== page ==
Encouraging commuters to use active travel (cycling and walking) instead of inactive travel (travel by motorized vehicles) would produce health benefits [1,2,3,4,5,6,7] and reduce air pollution [8,9,10,11]. Policymakers conduct environmental interventions to encourage cycling to work, such as improving cycling infrastructure. This is explained by some studies focusing on the purposes of cycling, attitudes toward cycling, and experiences of cycling [12,13,14,15,16,17,18,19,20,21]. Typically, a better cycling infrastructure is associated with positive experiences and positive attitudes, and thus tends to increase the usage of bikes [15,17,19]. Recently, one new way in which cities seek to increase the usage of bikes is by implementing bicycle sharing systems (BSSs) to facilitate short-term bicycle rental in urban areas [22]. New studies reveal that BSSs have positive health impacts [22,23], and reduce the usage of motor vehicles [11,24].
Earlier studies reveal that the cycling behavior of regular riders (private bicycle riders) tends to be influenced by environmental factors, including population density, land use mix, green space, cycling facilities, and safety [25,26,27,28,29,30]. It is increasingly interesting to investigate how environmental factors influence the cycling behavior of BSS cyclists, as BSS cyclists tend to be different from regular cyclists. For instance, in the UK, the USA, and Australia, BSS riders are on average disproportionately of higher education and income, and more likely to be male and white [31]. Therefore, in very recent years, some studies started to investigate the impact of environmental factors on the cycling behavior of BSS users [32,33,34,35,36,37,38,39,40]. For instance, some studies uncover that proximity to workplace or home tends to increase the usage of BSS [33,34,35], and high population and high levels of public transit accessibility also tend to increase the usage of BSS [36,37,38]. More importantly, improvement on bicycle facilities (bicycle lanes or bicycle paths) seems to increase bicycle sharing ridership [36,37,39,40]. Potentially, a better understanding of environmental effects on the cycling behavior of BSS riders could offer suggestions for policymaking and urban planning. For instance, knowing how environmental factors influence the cycling behavior of BSS riders will help in finding optimum places for docking stations across a city [32].
Although earlier studies have examined the effects of safety and convenience on the cycling behavior of regular riders [26,27,28,29], they have rarely explored the effects of safety and convenience on the cycling behavior of BSS riders. Therefore, in this study, we aimed to investigate how road safety, convenience, and public safety affect the cycling behavior of BSS riders by controlling for other environmental factors. Specifically, we used traffic accidents, congestions, and violent crimes to measure road safety, convenience, and public safety, respectively. Additionally, to more accurately measure public transit accessibility, road safety, convenience, and public safety, we used spatiotemporally varying measurements instead of spatially varying measurements that have been widely used in earlier studies [32,37,41]. We also examined how space- and time-dependent public transit accessibility influences the usage of BSS, since earlier studies employed space-dependent public transit accessibility without any information on transit frequency [36,37,38].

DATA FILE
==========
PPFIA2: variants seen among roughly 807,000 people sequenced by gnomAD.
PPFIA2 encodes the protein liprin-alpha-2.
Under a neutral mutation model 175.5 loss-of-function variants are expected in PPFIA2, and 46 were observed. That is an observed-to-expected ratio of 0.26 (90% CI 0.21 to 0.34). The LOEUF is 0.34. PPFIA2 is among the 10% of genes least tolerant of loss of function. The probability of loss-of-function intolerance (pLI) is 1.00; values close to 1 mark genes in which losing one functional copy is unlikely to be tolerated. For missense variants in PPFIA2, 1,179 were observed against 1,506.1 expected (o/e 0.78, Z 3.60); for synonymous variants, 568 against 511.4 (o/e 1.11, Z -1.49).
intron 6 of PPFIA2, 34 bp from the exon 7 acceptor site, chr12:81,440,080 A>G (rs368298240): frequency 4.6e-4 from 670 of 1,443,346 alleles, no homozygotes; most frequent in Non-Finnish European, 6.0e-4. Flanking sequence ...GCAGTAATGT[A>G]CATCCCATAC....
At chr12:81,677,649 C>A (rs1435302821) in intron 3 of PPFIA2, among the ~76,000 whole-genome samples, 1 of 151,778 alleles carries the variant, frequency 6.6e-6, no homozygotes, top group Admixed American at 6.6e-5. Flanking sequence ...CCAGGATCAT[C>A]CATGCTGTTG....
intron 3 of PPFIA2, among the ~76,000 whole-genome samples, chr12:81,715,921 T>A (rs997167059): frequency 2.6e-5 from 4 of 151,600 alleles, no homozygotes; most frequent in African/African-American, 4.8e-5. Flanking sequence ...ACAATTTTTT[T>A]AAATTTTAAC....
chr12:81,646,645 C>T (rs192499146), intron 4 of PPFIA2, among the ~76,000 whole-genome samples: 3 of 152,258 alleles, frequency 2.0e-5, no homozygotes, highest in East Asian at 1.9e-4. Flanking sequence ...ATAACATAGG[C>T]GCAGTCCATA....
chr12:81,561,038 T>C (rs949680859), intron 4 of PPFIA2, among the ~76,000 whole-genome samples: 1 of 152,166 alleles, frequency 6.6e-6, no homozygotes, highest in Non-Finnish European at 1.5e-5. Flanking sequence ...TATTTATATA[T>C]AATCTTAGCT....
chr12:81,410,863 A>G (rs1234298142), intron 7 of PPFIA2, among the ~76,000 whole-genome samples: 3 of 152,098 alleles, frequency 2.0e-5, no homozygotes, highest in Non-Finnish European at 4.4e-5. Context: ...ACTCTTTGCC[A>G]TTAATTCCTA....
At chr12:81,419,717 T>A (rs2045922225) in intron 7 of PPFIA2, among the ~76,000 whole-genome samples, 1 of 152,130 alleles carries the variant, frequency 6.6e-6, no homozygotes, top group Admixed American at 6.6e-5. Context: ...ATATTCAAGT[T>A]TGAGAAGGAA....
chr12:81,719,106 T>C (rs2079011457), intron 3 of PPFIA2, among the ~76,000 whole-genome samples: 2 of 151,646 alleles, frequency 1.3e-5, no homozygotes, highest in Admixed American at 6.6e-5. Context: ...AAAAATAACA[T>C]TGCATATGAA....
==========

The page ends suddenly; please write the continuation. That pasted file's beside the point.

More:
Specifically, in this study, we investigated the impacts of environmental factors on the usage of BSS. The environmental factors investigated in this study include socioeconomic factors, land use and point-of-interest (POI) factors, road infrastructure factors, public transit accessibility factors, and safety and convenience factors. Particularly, we attempted to answer the questions of: (1) how traffic accidents and congestion influence the usage of BSS; (2) how violent crime influences the usage of BSS; and (3) how public transit accessibility influences the usage of BSS. Moreover, we tried to offer implications for policies aiming to increase the usage of BSS or for the site selection of new docking stations. Particularly, we paid much attention to the necessity of reducing violent crime. We conducted an empirical investigation in Chicago with cycling data from a BSS called Divvy. Divvy publicizes cycling trips of BSS users (including both annual members and casual users) with start and end docking stations as well as trip duration. The BSS data was contributed by individual riders, and thus is considered a type of crowdsourced geographic information (CGI) and has high potential for studies of active travel and sustainable transport.